• Show your learner how to create an outline.

To create an outline:

  1. Have your learner slowly read the assignment aloud to you. While they are reading, start the bare bones of an outline.
  2. Have your learner read through the outline and check with them.
    • Ask them: Does this make sense? If we flesh out these bullet points, will we have answered all of your teacher’s questions? Do you think this is what your teacher was looking for? Adjust accordingly.
  3. Ask your learner for their thoughts on the paper. Do they have any initial thoughts about what they want to say? While they are responding, type up their thoughts in an appropriate place in the outline.
    • Outlines help non-linear thinkers organize their thoughts in a linear fashion. You are taking your child’s non-linear thoughts and showing her how to organize them. These are initial thoughts. As your writer continues to work on the outline and the paper, the ideas will mature and progress.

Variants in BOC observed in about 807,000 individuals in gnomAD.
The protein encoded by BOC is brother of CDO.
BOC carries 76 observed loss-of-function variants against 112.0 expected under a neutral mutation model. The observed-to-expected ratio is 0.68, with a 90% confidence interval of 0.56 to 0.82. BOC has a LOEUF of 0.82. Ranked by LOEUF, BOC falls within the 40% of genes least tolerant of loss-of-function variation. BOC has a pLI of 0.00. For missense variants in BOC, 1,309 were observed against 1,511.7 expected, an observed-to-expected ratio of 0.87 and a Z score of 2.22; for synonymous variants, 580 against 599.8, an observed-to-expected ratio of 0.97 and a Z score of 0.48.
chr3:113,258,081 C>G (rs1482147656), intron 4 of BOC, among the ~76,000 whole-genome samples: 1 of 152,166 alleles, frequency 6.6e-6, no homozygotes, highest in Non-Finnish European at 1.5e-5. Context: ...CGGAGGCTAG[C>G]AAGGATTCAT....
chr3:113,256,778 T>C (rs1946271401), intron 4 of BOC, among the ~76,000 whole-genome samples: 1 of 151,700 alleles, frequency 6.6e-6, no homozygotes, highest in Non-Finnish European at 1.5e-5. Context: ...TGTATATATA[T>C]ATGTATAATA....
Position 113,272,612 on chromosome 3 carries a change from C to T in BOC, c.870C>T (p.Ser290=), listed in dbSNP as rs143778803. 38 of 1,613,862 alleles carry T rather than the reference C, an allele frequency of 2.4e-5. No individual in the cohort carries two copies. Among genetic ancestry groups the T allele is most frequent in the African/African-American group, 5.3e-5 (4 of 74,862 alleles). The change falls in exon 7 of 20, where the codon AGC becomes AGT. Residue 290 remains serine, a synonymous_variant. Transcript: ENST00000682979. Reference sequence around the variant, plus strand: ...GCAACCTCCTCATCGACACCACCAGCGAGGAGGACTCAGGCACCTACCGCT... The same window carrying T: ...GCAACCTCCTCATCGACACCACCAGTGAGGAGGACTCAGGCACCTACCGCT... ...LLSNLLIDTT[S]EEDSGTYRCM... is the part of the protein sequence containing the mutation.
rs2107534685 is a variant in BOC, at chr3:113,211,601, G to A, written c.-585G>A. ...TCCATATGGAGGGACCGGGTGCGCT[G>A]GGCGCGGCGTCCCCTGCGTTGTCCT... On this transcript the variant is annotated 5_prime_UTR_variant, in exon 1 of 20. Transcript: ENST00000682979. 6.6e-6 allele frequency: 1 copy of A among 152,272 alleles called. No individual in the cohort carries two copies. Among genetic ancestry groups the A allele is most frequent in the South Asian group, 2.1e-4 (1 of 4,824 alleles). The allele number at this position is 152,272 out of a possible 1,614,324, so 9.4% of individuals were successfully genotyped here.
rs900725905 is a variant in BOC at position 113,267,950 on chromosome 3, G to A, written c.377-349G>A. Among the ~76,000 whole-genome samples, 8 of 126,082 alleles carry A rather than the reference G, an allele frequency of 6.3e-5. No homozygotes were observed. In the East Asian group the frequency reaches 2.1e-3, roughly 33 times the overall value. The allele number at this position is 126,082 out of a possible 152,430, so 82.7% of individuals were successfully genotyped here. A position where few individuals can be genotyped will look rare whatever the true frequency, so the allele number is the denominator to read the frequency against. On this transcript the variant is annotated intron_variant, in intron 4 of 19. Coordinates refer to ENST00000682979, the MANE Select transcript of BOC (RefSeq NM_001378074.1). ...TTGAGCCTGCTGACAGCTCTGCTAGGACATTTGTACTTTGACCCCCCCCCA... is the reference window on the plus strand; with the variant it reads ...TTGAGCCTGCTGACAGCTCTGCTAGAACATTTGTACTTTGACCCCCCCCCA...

4. Ask your student to find quotes that he thinks are relevant. Ask them what they think the quotes mean. Write it all down!
  5. When the research does not obviously fit with the theme of the paper, ask some clarifying questions, such as: That’s very interesting. How does it relate to the thesis? Then figure out where to put it in the outline. Maybe you need to create a new bullet point.
  6. Add in a bullet for the introduction and conclusion (and any other specific section needed) if your student has not yet said something for which you would create a bullet point.
  7. Ask if they want to update her thesis now that they have done so much research. They probably will.
  8. Now, take a break! Then let your learner take some time to write the rest of the paper without your help.
  • This outline is for your learner, so it does not need to be pretty with impeccable language and word choice. Functional is just fine – probably better.